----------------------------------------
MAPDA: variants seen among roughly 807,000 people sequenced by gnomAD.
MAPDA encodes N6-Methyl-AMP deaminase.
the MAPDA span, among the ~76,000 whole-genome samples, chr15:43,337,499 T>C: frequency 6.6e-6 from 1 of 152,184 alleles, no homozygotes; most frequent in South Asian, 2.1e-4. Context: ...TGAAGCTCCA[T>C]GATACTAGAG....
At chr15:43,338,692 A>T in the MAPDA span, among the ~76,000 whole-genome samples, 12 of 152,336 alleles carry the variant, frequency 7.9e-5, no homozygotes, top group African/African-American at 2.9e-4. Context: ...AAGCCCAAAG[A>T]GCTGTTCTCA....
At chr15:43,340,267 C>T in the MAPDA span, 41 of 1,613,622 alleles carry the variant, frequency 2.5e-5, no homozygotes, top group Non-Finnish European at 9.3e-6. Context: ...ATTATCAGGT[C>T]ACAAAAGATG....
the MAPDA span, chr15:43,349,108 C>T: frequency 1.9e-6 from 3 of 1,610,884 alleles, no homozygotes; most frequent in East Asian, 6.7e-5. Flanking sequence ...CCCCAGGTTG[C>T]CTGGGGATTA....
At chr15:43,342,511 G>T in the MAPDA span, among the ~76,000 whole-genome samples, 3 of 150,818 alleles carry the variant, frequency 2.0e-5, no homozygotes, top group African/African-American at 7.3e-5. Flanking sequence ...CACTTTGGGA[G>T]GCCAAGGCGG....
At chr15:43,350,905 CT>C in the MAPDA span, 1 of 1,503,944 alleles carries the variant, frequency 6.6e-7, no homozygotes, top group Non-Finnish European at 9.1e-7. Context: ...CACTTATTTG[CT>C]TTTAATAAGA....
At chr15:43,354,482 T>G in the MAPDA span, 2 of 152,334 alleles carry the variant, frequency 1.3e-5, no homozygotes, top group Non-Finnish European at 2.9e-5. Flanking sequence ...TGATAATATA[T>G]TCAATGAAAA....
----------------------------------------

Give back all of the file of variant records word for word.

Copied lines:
MAPDA: variants seen among roughly 807,000 people sequenced by gnomAD.
MAPDA encodes N6-Methyl-AMP deaminase.
the MAPDA span, among the ~76,000 whole-genome samples, chr15:43,337,499 T>C: frequency 6.6e-6 from 1 of 152,184 alleles, no homozygotes; most frequent in South Asian, 2.1e-4. Context: ...TGAAGCTCCA[T>C]GATACTAGAG....
At chr15:43,338,692 A>T in the MAPDA span, among the ~76,000 whole-genome samples, 12 of 152,336 alleles carry the variant, frequency 7.9e-5, no homozygotes, top group African/African-American at 2.9e-4. Context: ...AAGCCCAAAG[A>T]GCTGTTCTCA....
At chr15:43,340,267 C>T in the MAPDA span, 41 of 1,613,622 alleles carry the variant, frequency 2.5e-5, no homozygotes, top group Non-Finnish European at 9.3e-6. Context: ...ATTATCAGGT[C>T]ACAAAAGATG....
the MAPDA span, chr15:43,349,108 C>T: frequency 1.9e-6 from 3 of 1,610,884 alleles, no homozygotes; most frequent in East Asian, 6.7e-5. Flanking sequence ...CCCCAGGTTG[C>T]CTGGGGATTA....
At chr15:43,342,511 G>T in the MAPDA span, among the ~76,000 whole-genome samples, 3 of 150,818 alleles carry the variant, frequency 2.0e-5, no homozygotes, top group African/African-American at 7.3e-5. Flanking sequence ...CACTTTGGGA[G>T]GCCAAGGCGG....
At chr15:43,350,905 CT>C in the MAPDA span, 1 of 1,503,944 alleles carries the variant, frequency 6.6e-7, no homozygotes, top group Non-Finnish European at 9.1e-7. Context: ...CACTTATTTG[CT>C]TTTAATAAGA....
At chr15:43,354,482 T>G in the MAPDA span, 2 of 152,334 alleles carry the variant, frequency 1.3e-5, no homozygotes, top group Non-Finnish European at 2.9e-5. Flanking sequence ...TGATAATATA[T>G]TCAATGAAAA....